I'm meeting a reader just north of the YYC passenger terminal on Saturday, about 11:30 a.m. Calgary time. He knows of some picnic tables near the meeting spot shown, and is bringing me non-airport food. (I just had to brag about that).
View I suggest this meeting place. in a larger map
If you're in the area, feel free to join us. BYOP. Don't come far, because this does involve airplanes, and as such is susceptible to circumstance. I'll try to post an Saturday morning update confirming that I'm on schedule.
Calgary airport has the all time worst Immigration officials. Don't fly in from the USA!
I was working for Nortel at the time, and went to Canada for a meeting with a customer at the Nortel offices. The Immigration guy wanted to know why a Canadian company needed to fly in a US citizen for a meeting. "Can no one in Canada do that job?" he said.
"Apparently not", said I. Not the correct response. I got the 3rd degree and emerged 20 minutes later.
Canadian immigration seem to working hard to take away the title of "worlds worst" from the US Homeland Security.
As I'm a Canadian living in Canada, that won't be an issue for me. Going the other way I have a script written by my boss for the border crossing so I don't accidentally say some word that gets me or the airplane detained.
It happened to one of our mechanics. He was flying to where one of our airplanes was on the ground, waiting for his attention. He was turned back and we had a week delay while we sourced local talent. After the dust settled and the boss called to find out what was going on, the US immigration bosses admitted that the mechanic had every right to enter the US to maintain a Canadian airplane for a Canadian employer, but the kicker is that they didn't remove the notation from his file about trying to immigrate illegally for work, so the poor guy can't go fishing in Minnesota or go to Vegas anymore.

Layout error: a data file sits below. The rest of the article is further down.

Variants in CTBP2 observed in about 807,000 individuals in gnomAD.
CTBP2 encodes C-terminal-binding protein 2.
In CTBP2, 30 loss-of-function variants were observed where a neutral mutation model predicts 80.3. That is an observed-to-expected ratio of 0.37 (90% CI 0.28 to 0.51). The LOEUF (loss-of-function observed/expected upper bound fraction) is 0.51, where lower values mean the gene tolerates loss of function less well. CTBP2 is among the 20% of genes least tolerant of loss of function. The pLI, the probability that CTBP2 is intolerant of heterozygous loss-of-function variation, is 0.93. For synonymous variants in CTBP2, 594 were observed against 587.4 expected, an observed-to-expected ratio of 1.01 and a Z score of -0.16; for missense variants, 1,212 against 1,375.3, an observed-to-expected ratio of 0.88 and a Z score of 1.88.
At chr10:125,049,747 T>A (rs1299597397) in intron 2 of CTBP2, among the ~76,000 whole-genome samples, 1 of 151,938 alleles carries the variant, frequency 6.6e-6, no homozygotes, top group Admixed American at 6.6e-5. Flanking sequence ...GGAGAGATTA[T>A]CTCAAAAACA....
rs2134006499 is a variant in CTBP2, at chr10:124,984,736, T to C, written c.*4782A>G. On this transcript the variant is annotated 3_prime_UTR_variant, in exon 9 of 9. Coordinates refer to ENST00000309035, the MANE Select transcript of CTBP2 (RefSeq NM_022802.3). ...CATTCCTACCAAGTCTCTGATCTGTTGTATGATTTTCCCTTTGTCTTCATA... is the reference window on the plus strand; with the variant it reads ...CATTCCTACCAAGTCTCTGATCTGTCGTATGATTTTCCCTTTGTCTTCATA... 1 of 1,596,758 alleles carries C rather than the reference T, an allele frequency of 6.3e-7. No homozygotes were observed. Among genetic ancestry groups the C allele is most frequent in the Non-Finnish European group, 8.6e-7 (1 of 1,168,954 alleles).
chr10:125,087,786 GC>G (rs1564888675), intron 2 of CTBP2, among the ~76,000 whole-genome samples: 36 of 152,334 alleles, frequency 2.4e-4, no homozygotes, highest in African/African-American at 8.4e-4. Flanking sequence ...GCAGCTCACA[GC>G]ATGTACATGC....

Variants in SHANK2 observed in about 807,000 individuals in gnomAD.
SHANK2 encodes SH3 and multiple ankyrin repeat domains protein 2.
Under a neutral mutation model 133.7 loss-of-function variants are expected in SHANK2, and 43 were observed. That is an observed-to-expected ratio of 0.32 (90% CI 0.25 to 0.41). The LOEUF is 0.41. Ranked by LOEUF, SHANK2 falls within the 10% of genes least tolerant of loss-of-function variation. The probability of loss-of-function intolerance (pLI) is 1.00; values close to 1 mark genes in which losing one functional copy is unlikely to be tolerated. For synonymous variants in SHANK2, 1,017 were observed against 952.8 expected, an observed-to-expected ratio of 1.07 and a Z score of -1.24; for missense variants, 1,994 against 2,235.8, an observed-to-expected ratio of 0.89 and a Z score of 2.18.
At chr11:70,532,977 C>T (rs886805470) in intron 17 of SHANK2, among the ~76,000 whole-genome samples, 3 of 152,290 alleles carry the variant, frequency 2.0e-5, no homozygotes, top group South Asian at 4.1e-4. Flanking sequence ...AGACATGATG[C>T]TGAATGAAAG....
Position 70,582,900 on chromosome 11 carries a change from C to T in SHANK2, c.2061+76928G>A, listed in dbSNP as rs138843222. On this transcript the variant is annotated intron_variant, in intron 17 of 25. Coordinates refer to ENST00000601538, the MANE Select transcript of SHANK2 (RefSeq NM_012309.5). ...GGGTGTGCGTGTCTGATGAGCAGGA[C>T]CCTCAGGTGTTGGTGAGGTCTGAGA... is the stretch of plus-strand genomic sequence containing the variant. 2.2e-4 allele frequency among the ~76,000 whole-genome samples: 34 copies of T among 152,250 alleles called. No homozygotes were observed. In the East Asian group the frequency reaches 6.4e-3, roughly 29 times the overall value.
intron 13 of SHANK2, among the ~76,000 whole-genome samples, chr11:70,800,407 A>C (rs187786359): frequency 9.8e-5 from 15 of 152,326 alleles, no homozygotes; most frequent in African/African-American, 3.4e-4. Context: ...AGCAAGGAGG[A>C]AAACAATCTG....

It's treacherous! I have admiration for anyone who has an accent or a skin colour not matching that of the majority of immigration officials and who manages to travel frequently for business.
Pity the mechanic that will have to apply for a visa every time he wants to go to the US... It's much better to have a script prepared that will get you past the officer. (The subtle difference between "doing business" and "looking for work".)
My answer to the "can nobody here do that work?" question, which I get from several countries, is always a nonchalant "I dunno -- I just go where I'm told". It's never failed to move things along.
Kind of a silly question, anyway -- who runs demographics on the workforce of the nation they're visiting before they board the plane? One can theorize they're fishing for a certain kind of response.
N6349C: How long ago was the visit to Calgary - Nortel has shut down a heckuva lot of operations lately. Also, I have found the customs and immigration officers for both the USA and Canada used to be snarly.... now they seem to have a much better balance in terms of what they are looking for.
Story: Was travelling to LAX with two co-workers, pre-clearing US immigration in Ottawa for the Ottawa-Chicago-LA flight. Worker #1 goes through. Worker #2 goes to the counter, answers a few questions, much consternation, and #2 comes back to join me in line - the computer had crashed. So we chat for 5-10 minutes, and wave at #1, and eventually #2 is once again called to the desk. When I go to the desk I handed the guy my passport and said "all the same answers as Rob". The only response I got was much stamping of paper and "enjoy your trip".
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